Teacher evaluation systems today are more refined and useful for improving teachers’ skills and connecting teachers to student achievement than past models, a new national report that examines states’ teacher evaluation policies by the National School Boards Association’s (NSBA) Center for Public Education (CPE) finds.
“Trends in Teacher Evaluation: How States are Measuring Teacher Performance,” offers an overview of changes in teacher evaluation systems by state. The report also describes states’ use of evaluation data for personnel decisions and continuous improvement.
Though more states are using student test scores to evaluate teachers, state standardized test scores make up only a small part of a teacher’s evaluation, the report finds.
Similarly, while many lawmakers and educators still question the use of student performance as a measure of instructional effectiveness, misconceptions abound that student performance receives more weight than report findings show—currently, no state uses individual student achievement data as more than 50 percent of a teacher’s evaluation. Nearly all states that do rely on scores from state standardized tests do so as just one of multiple measures of student achievement.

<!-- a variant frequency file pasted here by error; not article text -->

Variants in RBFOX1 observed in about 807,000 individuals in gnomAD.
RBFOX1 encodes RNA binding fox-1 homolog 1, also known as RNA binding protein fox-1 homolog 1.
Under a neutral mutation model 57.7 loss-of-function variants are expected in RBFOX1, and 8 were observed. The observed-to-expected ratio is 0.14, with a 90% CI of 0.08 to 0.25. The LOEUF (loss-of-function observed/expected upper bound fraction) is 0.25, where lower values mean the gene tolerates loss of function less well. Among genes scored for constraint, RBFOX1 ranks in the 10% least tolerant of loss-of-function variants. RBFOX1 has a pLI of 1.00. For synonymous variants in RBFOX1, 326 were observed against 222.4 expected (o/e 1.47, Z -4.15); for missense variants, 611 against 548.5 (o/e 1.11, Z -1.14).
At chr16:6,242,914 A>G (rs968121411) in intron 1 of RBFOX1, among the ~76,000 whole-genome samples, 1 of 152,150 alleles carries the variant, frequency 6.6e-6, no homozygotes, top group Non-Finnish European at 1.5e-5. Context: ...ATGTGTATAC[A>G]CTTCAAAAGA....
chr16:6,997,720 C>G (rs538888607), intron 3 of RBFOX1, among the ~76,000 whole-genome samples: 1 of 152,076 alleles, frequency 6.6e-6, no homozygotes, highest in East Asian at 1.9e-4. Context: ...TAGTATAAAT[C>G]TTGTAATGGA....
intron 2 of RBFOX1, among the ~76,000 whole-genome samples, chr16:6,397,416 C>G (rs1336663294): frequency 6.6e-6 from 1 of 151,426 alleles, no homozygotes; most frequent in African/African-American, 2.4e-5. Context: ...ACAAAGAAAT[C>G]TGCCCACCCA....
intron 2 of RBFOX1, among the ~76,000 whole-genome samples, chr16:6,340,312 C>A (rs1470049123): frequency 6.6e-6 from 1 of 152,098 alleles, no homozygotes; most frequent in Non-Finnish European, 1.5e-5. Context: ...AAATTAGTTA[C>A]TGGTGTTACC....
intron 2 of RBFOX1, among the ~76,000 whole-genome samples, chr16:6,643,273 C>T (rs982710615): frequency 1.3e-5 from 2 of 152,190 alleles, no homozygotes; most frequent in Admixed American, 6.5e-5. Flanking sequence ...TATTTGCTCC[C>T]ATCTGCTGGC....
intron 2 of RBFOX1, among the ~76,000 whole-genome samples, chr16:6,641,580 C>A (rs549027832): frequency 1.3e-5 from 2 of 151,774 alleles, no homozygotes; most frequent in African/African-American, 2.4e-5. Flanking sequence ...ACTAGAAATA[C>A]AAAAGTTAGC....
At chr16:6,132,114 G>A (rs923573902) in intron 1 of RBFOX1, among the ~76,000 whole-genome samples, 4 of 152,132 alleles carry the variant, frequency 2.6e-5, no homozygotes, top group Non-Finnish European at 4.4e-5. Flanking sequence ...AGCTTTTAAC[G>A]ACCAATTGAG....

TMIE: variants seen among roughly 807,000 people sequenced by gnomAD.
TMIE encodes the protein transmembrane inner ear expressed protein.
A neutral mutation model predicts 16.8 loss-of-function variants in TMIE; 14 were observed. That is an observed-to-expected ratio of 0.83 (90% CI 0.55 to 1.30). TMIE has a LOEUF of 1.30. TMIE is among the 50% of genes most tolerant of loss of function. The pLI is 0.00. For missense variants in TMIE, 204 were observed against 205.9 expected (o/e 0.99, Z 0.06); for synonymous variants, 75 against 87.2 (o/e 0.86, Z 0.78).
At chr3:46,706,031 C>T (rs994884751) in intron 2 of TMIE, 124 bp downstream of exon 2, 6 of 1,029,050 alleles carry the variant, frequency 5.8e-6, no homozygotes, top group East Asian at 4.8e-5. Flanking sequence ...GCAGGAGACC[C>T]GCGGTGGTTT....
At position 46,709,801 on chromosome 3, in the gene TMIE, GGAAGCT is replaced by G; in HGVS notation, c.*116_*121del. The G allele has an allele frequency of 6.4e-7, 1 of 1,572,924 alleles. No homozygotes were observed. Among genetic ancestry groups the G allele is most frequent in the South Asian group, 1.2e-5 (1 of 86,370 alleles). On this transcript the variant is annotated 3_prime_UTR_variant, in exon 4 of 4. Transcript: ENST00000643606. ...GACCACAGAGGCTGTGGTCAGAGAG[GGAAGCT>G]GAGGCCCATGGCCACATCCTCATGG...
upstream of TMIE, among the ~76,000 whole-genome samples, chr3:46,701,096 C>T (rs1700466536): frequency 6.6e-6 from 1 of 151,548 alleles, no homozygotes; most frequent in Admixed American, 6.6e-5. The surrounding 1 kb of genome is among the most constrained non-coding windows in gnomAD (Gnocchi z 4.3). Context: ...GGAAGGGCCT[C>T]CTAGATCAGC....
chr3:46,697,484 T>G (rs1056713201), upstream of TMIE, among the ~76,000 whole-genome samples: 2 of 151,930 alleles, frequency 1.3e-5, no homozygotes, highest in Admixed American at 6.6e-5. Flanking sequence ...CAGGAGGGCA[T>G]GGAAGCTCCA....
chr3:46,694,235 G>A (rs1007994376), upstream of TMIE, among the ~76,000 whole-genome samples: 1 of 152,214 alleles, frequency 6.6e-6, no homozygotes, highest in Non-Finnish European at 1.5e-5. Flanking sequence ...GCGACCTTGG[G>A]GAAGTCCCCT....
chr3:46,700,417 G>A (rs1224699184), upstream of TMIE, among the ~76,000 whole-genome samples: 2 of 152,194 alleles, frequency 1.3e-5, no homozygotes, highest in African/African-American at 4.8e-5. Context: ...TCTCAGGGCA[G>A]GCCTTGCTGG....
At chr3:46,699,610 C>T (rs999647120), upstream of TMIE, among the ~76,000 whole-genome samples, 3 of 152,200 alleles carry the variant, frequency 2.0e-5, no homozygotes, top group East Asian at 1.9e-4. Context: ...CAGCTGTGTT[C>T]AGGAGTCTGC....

Highlights of newer systems in place across states include: the use of multiple stakeholders to design and implement evaluation tools; multiple measures to show teacher effectiveness; and data that link teacher and student achievement.
The report follows CPE’s 2011 report, “Building A Better Evaluation System,” that examines best practices in teacher evaluations. Federal programs, including the No Child Left Behind law and Race to the Top grants, have recently provided incentives to states to revamp their evaluation systems. Historically, teacher evaluations have simply labeled teachers as satisfactory or not, giving no feedback on how to improve their skills.